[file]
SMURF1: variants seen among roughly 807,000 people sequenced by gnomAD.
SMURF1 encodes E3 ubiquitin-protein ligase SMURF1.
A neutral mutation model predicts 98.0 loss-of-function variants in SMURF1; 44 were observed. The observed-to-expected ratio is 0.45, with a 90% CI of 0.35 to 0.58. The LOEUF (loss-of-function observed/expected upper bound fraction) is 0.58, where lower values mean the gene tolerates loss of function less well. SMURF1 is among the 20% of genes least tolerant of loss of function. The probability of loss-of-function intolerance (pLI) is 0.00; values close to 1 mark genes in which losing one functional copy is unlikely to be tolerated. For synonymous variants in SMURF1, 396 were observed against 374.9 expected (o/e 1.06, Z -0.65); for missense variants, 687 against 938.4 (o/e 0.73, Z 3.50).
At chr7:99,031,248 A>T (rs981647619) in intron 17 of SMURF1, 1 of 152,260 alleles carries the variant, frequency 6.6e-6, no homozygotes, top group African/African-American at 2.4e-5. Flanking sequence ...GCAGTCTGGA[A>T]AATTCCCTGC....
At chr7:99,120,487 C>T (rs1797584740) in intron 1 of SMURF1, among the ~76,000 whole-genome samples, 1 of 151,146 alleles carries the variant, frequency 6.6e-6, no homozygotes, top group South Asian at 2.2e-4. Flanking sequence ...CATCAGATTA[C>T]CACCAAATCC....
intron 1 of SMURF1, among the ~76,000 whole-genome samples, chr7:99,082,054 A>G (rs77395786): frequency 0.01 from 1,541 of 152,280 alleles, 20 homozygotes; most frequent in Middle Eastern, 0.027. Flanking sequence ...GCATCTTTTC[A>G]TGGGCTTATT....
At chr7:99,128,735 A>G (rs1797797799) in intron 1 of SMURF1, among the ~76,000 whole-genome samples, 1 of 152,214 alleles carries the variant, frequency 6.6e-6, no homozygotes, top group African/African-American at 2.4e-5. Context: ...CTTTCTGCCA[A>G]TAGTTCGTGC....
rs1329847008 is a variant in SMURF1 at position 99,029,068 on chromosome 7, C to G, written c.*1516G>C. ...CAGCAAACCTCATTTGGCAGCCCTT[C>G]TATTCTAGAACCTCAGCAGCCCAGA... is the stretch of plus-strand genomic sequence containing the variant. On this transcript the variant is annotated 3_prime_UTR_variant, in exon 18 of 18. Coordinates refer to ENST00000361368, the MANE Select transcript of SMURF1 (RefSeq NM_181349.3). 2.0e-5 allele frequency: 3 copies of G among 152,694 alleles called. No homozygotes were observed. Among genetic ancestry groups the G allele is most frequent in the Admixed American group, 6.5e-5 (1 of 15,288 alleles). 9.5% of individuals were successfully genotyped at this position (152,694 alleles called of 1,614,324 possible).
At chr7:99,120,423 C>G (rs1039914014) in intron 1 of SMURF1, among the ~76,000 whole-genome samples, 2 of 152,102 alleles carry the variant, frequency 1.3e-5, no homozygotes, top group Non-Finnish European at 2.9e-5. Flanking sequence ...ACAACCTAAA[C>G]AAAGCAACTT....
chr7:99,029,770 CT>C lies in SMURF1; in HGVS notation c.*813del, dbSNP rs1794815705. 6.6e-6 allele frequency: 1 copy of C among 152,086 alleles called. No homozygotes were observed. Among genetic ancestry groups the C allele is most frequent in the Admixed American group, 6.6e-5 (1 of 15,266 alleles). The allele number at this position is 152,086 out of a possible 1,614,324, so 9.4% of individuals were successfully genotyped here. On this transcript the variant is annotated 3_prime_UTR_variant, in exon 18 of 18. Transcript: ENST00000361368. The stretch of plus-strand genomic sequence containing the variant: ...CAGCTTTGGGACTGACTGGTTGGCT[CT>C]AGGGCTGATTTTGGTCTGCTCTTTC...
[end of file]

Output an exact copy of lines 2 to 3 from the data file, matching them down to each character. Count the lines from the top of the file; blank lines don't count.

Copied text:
SMURF1 encodes E3 ubiquitin-protein ligase SMURF1.
A neutral mutation model predicts 98.0 loss-of-function variants in SMURF1; 44 were observed. The observed-to-expected ratio is 0.45, with a 90% CI of 0.35 to 0.58. The LOEUF (loss-of-function observed/expected upper bound fraction) is 0.58, where lower values mean the gene tolerates loss of function less well. SMURF1 is among the 20% of genes least tolerant of loss of function. The probability of loss-of-function intolerance (pLI) is 0.00; values close to 1 mark genes in which losing one functional copy is unlikely to be tolerated. For synonymous variants in SMURF1, 396 were observed against 374.9 expected (o/e 1.06, Z -0.65); for missense variants, 687 against 938.4 (o/e 0.73, Z 3.50).